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photo courtesy of Lora Mitchell
Twenty five cards are lined up on the mantelpiece. My daughter is smiling as she pours drinks for everyone, pleased so many have thought of her today.
The party moves outside where boyfriend Dan is busy lining up rockets, fixing Catherine wheels to posts, balancing Roman candles along the flat bit of the fence. He is grinning. He organised this dual ‘event’.
I stand watching the bonfire being lit, the rockets launched into the night sky, Dan’s big red face. He should take care.
I hadn’t known you could buy ‘Divorce’ cards and on reflection, I preferred Guy.
Red Arrows fly past over Cardiff Bay
A birthday celebration in pink
Whilst it originated in the UK, celebrating Halloween has always been big business in the USA. In the UK we used to carve turnips into lanterns, but now the pumpkin has reached dominance on both sides of the Atlantic; and whilst some supermarket chains here report increased sales of decorations, it is the massive increase in the sale of pumpkins that really grabs the headlines. But while there may be increased sales and interest in Halloween, the UK does not come anywhere near the enthusiasm, dedication and displays of our American cousins.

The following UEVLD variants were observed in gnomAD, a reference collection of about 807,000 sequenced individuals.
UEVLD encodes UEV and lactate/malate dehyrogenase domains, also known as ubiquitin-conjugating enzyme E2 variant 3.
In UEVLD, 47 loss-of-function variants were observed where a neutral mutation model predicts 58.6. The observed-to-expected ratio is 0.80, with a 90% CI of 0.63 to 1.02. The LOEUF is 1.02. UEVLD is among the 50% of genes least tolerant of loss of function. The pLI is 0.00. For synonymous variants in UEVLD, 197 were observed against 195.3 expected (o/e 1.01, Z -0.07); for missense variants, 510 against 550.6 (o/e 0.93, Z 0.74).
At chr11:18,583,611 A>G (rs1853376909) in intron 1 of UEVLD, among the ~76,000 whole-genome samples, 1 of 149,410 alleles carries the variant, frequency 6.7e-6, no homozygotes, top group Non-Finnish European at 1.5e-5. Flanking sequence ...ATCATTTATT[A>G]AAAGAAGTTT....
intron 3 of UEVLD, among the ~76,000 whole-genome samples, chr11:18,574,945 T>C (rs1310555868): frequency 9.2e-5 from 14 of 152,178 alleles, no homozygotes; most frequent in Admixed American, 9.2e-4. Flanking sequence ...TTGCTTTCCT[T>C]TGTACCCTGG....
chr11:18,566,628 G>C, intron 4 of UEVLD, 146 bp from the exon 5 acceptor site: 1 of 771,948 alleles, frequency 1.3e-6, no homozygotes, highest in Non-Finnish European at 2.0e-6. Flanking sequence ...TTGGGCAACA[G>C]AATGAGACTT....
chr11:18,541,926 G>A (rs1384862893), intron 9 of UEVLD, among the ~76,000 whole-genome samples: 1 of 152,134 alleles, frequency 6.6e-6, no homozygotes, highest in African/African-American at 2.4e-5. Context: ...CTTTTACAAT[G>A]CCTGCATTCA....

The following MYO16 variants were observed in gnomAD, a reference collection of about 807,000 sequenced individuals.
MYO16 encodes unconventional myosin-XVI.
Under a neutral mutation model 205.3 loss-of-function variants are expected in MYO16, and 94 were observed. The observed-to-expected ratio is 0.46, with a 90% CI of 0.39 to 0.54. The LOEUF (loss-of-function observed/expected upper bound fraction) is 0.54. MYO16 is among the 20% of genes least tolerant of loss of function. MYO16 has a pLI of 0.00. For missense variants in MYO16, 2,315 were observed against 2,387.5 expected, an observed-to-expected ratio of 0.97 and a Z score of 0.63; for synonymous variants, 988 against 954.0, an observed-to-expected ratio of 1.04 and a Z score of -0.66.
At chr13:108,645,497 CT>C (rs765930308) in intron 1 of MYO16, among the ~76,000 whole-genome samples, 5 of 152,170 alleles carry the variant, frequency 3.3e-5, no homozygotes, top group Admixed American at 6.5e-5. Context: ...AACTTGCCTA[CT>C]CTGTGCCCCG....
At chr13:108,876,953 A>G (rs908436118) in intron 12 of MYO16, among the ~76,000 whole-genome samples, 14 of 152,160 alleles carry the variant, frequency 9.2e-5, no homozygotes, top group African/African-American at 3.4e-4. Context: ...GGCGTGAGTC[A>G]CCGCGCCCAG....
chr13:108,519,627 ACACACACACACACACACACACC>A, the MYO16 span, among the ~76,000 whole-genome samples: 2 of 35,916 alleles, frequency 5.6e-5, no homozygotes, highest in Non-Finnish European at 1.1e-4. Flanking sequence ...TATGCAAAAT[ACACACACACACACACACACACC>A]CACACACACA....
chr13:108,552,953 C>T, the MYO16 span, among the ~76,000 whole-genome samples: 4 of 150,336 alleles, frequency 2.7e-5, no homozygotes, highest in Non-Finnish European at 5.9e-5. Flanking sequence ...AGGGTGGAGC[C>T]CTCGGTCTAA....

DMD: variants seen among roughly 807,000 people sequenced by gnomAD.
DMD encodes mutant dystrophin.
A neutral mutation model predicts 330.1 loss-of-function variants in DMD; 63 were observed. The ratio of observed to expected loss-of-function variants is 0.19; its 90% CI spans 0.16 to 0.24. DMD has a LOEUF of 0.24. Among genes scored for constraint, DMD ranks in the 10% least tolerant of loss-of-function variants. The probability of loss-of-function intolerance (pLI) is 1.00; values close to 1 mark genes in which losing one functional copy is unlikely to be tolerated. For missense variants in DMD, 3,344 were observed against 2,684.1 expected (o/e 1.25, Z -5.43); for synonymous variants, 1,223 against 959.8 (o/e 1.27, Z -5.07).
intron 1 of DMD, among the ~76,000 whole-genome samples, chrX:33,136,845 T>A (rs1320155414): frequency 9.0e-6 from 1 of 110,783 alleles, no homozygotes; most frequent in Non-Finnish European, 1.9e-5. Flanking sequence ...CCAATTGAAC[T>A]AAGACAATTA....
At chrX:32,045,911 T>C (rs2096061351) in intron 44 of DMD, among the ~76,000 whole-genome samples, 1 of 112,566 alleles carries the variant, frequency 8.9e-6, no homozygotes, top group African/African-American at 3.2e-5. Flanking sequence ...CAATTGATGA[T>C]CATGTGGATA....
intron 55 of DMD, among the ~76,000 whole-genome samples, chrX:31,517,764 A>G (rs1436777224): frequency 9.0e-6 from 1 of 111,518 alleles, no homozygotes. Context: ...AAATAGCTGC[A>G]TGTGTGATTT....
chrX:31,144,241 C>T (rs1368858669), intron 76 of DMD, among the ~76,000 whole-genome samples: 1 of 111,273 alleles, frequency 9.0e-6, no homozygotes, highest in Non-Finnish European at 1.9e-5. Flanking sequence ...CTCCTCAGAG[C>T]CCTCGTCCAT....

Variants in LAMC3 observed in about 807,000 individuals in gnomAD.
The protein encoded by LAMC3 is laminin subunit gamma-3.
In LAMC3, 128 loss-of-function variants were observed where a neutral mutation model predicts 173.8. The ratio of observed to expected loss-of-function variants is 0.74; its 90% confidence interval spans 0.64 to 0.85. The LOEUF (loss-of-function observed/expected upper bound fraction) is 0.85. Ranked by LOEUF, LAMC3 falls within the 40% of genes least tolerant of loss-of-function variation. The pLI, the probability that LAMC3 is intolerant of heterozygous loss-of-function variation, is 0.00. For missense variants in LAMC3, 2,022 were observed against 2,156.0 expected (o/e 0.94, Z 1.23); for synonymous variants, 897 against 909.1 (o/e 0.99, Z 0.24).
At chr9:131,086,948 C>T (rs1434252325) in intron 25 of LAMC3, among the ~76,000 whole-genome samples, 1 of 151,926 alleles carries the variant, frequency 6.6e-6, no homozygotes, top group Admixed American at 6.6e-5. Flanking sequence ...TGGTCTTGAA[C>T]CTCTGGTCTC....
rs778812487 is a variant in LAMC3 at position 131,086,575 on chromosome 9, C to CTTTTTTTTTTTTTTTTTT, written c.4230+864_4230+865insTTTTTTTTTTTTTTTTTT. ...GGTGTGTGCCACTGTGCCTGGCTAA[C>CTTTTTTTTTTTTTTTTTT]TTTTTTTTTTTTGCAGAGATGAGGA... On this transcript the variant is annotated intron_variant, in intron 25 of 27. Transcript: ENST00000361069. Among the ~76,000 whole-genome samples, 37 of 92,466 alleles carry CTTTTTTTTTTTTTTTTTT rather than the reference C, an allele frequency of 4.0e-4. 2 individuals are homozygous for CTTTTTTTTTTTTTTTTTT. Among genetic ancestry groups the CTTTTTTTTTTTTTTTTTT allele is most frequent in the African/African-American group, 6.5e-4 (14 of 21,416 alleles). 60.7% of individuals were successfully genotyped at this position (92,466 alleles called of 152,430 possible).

There are some enthusiasts in America who almost turn their homes into mini movie sets in a bid to outdo last years’ decorations. These are the so-called “Home Haunters” who dedicate many months of the year putting together the ultimate Halloween display featuring monsters, inflatable pumpkins, mock graveyards and some even have ghosts drifting past the windows.
This year, according to figures released by the National Retail Federation, it is estimated that Americans will spend a staggering $5.6bn (£3.6bn) on Halloween. But with an amazing party atmosphere, the celebrations are shared by everyone, parents and grandparents dress up to go trick-or-treating with young children, while the older teens and twenty-somethings just dress up and party!
My own celebration, if I can call it that, will be limited to handing out sweets and money to the children who come knocking at my door calling “Trick-or-Treat” unless, like last year the weather is so bad they give it a miss.